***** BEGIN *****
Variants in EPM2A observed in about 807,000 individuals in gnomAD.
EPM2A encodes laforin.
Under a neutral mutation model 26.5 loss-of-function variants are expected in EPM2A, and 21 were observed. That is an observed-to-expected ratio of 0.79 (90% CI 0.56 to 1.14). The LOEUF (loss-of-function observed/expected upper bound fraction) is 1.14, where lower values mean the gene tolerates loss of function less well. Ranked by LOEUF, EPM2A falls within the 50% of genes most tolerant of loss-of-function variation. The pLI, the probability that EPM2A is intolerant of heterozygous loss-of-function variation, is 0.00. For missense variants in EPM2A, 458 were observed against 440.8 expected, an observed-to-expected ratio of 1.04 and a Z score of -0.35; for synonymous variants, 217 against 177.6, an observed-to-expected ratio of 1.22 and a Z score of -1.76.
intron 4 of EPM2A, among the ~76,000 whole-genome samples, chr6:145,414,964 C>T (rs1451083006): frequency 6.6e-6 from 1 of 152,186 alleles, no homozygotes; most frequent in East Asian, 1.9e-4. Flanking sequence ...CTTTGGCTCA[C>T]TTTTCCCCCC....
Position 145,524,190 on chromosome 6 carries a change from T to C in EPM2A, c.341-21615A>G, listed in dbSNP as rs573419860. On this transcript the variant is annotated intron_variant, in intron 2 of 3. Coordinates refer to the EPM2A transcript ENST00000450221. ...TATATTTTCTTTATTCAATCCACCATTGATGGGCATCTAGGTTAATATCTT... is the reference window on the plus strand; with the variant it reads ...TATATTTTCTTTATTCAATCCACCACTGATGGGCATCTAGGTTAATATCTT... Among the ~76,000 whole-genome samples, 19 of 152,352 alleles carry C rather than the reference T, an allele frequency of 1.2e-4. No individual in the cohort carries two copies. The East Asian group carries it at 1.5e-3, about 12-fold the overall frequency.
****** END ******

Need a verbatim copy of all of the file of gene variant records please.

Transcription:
Variants in EPM2A observed in about 807,000 individuals in gnomAD.
EPM2A encodes laforin.
Under a neutral mutation model 26.5 loss-of-function variants are expected in EPM2A, and 21 were observed. That is an observed-to-expected ratio of 0.79 (90% CI 0.56 to 1.14). The LOEUF (loss-of-function observed/expected upper bound fraction) is 1.14, where lower values mean the gene tolerates loss of function less well. Ranked by LOEUF, EPM2A falls within the 50% of genes most tolerant of loss-of-function variation. The pLI, the probability that EPM2A is intolerant of heterozygous loss-of-function variation, is 0.00. For missense variants in EPM2A, 458 were observed against 440.8 expected, an observed-to-expected ratio of 1.04 and a Z score of -0.35; for synonymous variants, 217 against 177.6, an observed-to-expected ratio of 1.22 and a Z score of -1.76.
intron 4 of EPM2A, among the ~76,000 whole-genome samples, chr6:145,414,964 C>T (rs1451083006): frequency 6.6e-6 from 1 of 152,186 alleles, no homozygotes; most frequent in East Asian, 1.9e-4. Flanking sequence ...CTTTGGCTCA[C>T]TTTTCCCCCC....
Position 145,524,190 on chromosome 6 carries a change from T to C in EPM2A, c.341-21615A>G, listed in dbSNP as rs573419860. On this transcript the variant is annotated intron_variant, in intron 2 of 3. Coordinates refer to the EPM2A transcript ENST00000450221. ...TATATTTTCTTTATTCAATCCACCATTGATGGGCATCTAGGTTAATATCTT... is the reference window on the plus strand; with the variant it reads ...TATATTTTCTTTATTCAATCCACCACTGATGGGCATCTAGGTTAATATCTT... Among the ~76,000 whole-genome samples, 19 of 152,352 alleles carry C rather than the reference T, an allele frequency of 1.2e-4. No individual in the cohort carries two copies. The East Asian group carries it at 1.5e-3, about 12-fold the overall frequency.